Tories reeling from huge by-election defeats urge Sunak to change course as support is ‘collapsing’

Keir Starmer said the results showed ‘the country is crying out for change’

Kate Devlin,Zoe Grunewald,Archie Mitchell
Friday 16 February 2024 17:25 GMT
Sunak breaks silence after double by-election defeat in Wellingborough and Kingswood

Rishi Sunak is under increasing pressure from within his own party to change course amid warnings that historic back-to-back by-election defeats show support for the Conservatives is “collapsing” .

Labour overturned huge Tory majorities to take the seats of Kingswood, in Gloucestershire, and Wellingborough, in Northamptonshire, hours after official figures showed the UK had fallen into recession.

The results set a nearly 60-year record, with the government presiding over more by-election losses in a single parliament than any administration since the 1960s.

The Wellingborough result also saw the largest ever drop in the Conservatives’ vote share in a by-election, surpassing Christchurch in 1993.

Labour leader Sir Keir Starmer said the results showed “the country is crying out for change”. But Mr Sunak tried to play down the joint blows as he blamed the “particularly challenging" challenging circumstances surrounding both by-elections – and insisted his “plan” was working.

The votes were called after one former Tory minister resigned in protest at Mr Sunak’s watering down of environmental commitments and another was found guilty of bullying and sexual misconduct.

The bruising defeat came as:

  • Mr Sunak set a new post-war record for the number of Tory by-election defeats, surpassing the eight suffered by John Major in the run-up to Tony Blair's 1997 landslide victory
  • A Tory minister disowned his party’s selective editing of a video of Sadiq Khan accidentally calling Labour antisemitic, removing the London’s mayor’s correction
  • Nigel Farage’s Reform took more votes in one of the by-elections than the Labour majority – a result that will rattle Tory nerves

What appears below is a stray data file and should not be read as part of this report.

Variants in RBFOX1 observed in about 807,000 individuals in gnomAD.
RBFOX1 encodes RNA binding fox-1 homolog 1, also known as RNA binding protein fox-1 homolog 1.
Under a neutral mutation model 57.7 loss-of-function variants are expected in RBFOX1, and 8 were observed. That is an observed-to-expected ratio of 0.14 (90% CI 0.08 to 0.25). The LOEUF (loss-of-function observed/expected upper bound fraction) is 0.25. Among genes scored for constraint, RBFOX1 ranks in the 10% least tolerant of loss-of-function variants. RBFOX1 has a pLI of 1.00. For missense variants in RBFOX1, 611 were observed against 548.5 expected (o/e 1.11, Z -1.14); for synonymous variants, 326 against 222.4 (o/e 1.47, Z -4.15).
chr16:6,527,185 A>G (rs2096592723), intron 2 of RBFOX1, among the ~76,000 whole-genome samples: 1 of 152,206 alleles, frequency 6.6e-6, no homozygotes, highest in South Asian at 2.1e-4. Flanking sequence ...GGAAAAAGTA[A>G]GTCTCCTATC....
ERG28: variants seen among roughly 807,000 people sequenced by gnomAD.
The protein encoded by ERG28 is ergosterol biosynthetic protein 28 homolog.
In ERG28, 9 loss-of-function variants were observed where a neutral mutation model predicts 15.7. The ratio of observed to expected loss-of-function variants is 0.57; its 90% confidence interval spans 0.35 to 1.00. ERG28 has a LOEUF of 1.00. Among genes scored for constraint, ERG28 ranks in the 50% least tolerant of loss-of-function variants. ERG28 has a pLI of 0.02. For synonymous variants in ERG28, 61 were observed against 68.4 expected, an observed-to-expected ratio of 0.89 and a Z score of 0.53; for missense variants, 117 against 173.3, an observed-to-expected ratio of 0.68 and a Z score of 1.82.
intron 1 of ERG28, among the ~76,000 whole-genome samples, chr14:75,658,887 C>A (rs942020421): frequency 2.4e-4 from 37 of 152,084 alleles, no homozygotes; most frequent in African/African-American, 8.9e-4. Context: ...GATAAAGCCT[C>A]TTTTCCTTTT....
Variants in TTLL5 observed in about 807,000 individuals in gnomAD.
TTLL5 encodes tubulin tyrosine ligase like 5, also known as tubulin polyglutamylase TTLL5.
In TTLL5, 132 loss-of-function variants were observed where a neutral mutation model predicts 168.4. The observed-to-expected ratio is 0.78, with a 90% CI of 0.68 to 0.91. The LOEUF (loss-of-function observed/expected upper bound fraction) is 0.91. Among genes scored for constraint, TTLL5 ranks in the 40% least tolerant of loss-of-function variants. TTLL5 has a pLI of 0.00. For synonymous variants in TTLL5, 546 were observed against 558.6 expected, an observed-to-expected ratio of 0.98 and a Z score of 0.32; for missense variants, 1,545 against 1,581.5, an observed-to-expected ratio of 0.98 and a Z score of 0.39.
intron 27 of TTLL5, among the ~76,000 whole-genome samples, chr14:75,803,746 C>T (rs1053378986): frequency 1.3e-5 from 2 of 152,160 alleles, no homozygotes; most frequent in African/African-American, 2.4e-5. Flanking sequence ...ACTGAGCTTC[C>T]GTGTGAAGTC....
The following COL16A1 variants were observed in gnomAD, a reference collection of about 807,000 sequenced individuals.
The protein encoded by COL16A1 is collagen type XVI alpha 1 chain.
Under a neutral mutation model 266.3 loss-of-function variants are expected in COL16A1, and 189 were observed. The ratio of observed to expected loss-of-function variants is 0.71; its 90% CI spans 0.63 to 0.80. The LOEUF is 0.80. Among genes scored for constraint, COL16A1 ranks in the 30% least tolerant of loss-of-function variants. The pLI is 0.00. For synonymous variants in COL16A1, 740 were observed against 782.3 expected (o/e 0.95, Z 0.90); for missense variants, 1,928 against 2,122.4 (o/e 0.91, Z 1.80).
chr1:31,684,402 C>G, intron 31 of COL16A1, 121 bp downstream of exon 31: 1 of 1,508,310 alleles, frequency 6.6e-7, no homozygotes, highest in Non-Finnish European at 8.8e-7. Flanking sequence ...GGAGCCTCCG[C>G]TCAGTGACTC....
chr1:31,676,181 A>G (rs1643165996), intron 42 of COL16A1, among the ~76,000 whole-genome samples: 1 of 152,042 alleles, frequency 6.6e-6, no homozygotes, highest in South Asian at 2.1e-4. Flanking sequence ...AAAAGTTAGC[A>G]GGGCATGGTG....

• A leading pollster said the results showed the Conservatives are in ‘deep, deep electoral trouble’
  • Tory peer Ed Vaizey said Mr Sunak was not a “brilliant politician” but could improve

Tory peer Lord Frost, who recently fronted a bombshell poll linked to a Tory plot to oust Mr Sunak, said the party’s vote was "collapsing" as he called for more Conservative policies on issues like tax, spending, immigration and net zero. He warned the prime minister: “It's late, but not – yet – too late.”

The New Conservatives group within the party warned their leader he "must change course" and “adapt to the reality that the by-elections reveal" by making voters a better offer, including tax cuts and curbs on legal migration curbs.

One MP, Andrea Jenkyns, publicly repeated her call for Mr Sunak’s head, warning her party that “sticking heads in the sand will make matters worse”.

But Jacob Rees-Mogg hit out at the plotters, telling The Independent: “Any Conservative who thinks a war of attrition against the leader would help or be sensible, in the year of an election, needs urgent restraint in Colney Hatch”. Colney Hatch was a lunatic asylum often referred to in PG Wodehouse’s novels.

Former minister Paul Scully warned tax cuts – a key ask of many Tory MPs – would not be enough to bring our Tory voters currently sitting at home. They are asking for “Conservative values and a vision to get behind, as well to stop the infighting within the party,” he told GB News.